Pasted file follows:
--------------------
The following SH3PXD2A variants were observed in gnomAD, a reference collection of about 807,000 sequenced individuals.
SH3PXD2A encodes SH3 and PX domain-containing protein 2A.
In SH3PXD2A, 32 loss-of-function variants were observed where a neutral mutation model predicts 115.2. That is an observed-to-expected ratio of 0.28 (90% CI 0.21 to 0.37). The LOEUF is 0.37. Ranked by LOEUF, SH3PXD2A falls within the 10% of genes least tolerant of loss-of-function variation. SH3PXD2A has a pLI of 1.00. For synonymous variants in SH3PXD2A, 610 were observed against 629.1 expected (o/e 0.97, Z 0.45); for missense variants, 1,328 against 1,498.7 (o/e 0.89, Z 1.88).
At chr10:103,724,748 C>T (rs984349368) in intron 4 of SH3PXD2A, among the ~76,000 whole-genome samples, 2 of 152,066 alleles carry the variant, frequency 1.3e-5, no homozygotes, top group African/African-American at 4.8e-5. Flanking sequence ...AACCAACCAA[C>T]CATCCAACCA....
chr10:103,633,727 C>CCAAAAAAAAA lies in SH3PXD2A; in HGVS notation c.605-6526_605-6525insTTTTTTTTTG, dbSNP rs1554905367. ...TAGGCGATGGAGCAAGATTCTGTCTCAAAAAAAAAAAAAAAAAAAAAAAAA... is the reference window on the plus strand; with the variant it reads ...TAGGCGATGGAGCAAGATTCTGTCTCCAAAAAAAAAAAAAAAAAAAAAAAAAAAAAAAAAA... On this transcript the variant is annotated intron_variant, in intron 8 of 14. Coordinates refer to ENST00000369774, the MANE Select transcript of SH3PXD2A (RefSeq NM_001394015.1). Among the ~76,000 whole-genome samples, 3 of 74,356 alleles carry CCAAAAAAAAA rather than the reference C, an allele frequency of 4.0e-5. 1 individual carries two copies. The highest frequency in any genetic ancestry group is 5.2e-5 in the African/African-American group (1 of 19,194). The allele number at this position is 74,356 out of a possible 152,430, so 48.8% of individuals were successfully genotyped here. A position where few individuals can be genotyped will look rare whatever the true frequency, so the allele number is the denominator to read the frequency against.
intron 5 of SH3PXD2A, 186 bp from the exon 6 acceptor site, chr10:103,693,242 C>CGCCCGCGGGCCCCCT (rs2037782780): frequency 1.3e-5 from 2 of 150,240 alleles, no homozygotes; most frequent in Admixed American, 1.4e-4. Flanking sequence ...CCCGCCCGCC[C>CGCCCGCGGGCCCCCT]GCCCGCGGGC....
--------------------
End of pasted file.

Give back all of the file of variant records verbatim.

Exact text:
The following SH3PXD2A variants were observed in gnomAD, a reference collection of about 807,000 sequenced individuals.
SH3PXD2A encodes SH3 and PX domain-containing protein 2A.
In SH3PXD2A, 32 loss-of-function variants were observed where a neutral mutation model predicts 115.2. That is an observed-to-expected ratio of 0.28 (90% CI 0.21 to 0.37). The LOEUF is 0.37. Ranked by LOEUF, SH3PXD2A falls within the 10% of genes least tolerant of loss-of-function variation. SH3PXD2A has a pLI of 1.00. For synonymous variants in SH3PXD2A, 610 were observed against 629.1 expected (o/e 0.97, Z 0.45); for missense variants, 1,328 against 1,498.7 (o/e 0.89, Z 1.88).
At chr10:103,724,748 C>T (rs984349368) in intron 4 of SH3PXD2A, among the ~76,000 whole-genome samples, 2 of 152,066 alleles carry the variant, frequency 1.3e-5, no homozygotes, top group African/African-American at 4.8e-5. Flanking sequence ...AACCAACCAA[C>T]CATCCAACCA....
chr10:103,633,727 C>CCAAAAAAAAA lies in SH3PXD2A; in HGVS notation c.605-6526_605-6525insTTTTTTTTTG, dbSNP rs1554905367. ...TAGGCGATGGAGCAAGATTCTGTCTCAAAAAAAAAAAAAAAAAAAAAAAAA... is the reference window on the plus strand; with the variant it reads ...TAGGCGATGGAGCAAGATTCTGTCTCCAAAAAAAAAAAAAAAAAAAAAAAAAAAAAAAAAA... On this transcript the variant is annotated intron_variant, in intron 8 of 14. Coordinates refer to ENST00000369774, the MANE Select transcript of SH3PXD2A (RefSeq NM_001394015.1). Among the ~76,000 whole-genome samples, 3 of 74,356 alleles carry CCAAAAAAAAA rather than the reference C, an allele frequency of 4.0e-5. 1 individual carries two copies. The highest frequency in any genetic ancestry group is 5.2e-5 in the African/African-American group (1 of 19,194). The allele number at this position is 74,356 out of a possible 152,430, so 48.8% of individuals were successfully genotyped here. A position where few individuals can be genotyped will look rare whatever the true frequency, so the allele number is the denominator to read the frequency against.
intron 5 of SH3PXD2A, 186 bp from the exon 6 acceptor site, chr10:103,693,242 C>CGCCCGCGGGCCCCCT (rs2037782780): frequency 1.3e-5 from 2 of 150,240 alleles, no homozygotes; most frequent in Admixed American, 1.4e-4. Flanking sequence ...CCCGCCCGCC[C>CGCCCGCGGGCCCCCT]GCCCGCGGGC....